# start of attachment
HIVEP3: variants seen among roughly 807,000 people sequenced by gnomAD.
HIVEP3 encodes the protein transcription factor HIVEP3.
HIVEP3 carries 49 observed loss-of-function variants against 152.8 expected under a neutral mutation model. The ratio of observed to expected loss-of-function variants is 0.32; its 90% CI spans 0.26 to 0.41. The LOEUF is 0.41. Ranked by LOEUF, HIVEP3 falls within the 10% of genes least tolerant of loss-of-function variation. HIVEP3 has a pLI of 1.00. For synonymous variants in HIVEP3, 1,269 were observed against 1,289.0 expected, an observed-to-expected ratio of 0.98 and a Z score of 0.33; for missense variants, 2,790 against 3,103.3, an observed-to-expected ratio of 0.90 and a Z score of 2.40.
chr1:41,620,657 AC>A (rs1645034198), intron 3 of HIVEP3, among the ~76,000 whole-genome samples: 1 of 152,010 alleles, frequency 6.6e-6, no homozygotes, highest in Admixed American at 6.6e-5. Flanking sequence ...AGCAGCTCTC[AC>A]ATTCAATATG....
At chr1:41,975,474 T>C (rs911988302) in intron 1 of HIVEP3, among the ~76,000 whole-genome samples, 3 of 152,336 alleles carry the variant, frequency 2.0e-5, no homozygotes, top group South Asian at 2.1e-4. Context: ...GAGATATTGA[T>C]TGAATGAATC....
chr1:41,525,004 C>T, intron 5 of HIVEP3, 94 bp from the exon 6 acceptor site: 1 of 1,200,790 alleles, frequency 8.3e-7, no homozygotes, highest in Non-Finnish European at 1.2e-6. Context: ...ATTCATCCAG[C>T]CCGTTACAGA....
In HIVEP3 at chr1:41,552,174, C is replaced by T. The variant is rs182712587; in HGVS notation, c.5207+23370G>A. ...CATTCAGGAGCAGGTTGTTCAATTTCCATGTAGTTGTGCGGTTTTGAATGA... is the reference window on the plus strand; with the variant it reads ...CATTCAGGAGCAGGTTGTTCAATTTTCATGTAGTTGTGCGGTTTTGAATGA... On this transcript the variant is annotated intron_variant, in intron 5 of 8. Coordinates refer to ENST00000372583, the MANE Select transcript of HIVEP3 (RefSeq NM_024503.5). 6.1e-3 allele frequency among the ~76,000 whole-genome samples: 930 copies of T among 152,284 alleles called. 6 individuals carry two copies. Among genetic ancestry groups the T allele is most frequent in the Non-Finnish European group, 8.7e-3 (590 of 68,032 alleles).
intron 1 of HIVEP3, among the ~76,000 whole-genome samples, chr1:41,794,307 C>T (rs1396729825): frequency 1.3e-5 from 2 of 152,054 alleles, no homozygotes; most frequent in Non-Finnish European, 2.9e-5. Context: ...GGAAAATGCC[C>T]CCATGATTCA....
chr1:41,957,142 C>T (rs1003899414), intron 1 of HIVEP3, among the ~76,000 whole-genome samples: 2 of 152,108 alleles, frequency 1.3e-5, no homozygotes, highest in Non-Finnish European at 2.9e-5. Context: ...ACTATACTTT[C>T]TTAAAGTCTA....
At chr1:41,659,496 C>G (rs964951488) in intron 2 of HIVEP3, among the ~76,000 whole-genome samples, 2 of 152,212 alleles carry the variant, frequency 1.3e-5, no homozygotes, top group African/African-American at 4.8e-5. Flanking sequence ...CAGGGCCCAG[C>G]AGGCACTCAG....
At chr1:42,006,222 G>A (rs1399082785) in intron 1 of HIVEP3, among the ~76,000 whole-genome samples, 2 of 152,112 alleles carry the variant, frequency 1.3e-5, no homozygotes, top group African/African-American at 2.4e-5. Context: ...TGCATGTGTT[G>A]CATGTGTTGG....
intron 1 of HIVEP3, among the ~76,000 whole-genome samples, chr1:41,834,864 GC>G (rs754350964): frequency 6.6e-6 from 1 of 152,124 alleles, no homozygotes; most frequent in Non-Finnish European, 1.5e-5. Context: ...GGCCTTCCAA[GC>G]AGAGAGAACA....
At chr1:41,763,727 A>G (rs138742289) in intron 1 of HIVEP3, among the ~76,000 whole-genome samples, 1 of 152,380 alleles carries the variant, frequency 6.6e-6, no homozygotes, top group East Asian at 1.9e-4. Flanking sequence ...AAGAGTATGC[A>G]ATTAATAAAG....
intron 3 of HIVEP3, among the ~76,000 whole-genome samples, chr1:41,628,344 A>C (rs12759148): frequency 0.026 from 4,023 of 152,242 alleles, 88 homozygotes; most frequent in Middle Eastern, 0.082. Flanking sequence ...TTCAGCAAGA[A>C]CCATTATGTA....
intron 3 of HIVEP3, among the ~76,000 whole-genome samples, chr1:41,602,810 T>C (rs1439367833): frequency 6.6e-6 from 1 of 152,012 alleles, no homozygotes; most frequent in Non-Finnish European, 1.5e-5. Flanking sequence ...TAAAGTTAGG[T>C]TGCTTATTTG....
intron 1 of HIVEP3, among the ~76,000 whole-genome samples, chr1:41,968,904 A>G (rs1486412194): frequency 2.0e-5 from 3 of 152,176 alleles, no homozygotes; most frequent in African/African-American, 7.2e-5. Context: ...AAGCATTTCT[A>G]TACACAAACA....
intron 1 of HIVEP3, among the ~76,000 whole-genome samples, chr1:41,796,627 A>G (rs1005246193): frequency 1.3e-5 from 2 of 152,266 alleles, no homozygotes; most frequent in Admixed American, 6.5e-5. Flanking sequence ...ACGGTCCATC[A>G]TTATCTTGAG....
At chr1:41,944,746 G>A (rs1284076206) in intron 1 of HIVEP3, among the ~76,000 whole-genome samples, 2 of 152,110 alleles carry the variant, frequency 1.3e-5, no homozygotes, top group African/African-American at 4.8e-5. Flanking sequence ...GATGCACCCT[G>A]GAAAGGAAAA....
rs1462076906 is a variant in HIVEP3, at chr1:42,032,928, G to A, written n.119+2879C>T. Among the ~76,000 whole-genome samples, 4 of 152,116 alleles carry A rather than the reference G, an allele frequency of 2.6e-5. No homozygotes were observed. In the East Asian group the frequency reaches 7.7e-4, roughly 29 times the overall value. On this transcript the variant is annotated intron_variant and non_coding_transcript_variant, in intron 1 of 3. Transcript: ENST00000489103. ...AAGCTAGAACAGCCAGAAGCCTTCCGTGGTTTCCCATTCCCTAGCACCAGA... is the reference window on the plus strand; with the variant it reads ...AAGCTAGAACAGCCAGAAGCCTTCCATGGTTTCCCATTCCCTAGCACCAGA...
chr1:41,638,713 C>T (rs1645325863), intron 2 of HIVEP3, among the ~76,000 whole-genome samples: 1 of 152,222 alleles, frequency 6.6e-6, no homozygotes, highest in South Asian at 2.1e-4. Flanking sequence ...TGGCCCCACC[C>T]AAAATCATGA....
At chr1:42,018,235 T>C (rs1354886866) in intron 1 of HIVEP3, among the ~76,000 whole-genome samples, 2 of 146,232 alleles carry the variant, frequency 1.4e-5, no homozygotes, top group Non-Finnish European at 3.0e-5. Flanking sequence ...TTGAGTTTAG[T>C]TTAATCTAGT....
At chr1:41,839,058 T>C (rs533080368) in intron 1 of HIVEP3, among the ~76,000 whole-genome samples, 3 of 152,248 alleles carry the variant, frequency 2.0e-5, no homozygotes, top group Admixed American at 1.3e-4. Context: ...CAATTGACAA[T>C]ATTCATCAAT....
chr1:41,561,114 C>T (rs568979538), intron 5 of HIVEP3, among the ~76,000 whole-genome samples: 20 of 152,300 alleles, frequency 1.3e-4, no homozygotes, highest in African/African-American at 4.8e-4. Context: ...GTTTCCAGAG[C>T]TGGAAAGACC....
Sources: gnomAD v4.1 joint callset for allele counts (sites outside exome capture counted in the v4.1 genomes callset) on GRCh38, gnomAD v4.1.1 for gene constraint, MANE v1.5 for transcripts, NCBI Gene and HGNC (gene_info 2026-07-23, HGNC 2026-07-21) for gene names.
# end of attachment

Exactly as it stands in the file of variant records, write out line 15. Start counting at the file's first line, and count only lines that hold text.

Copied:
intron 3 of HIVEP3, among the ~76,000 whole-genome samples, chr1:41,602,810 T>C (rs1439367833): frequency 6.6e-6 from 1 of 152,012 alleles, no homozygotes; most frequent in Non-Finnish European, 1.5e-5. Flanking sequence ...TAAAGTTAGG[T>C]TGCTTATTTG....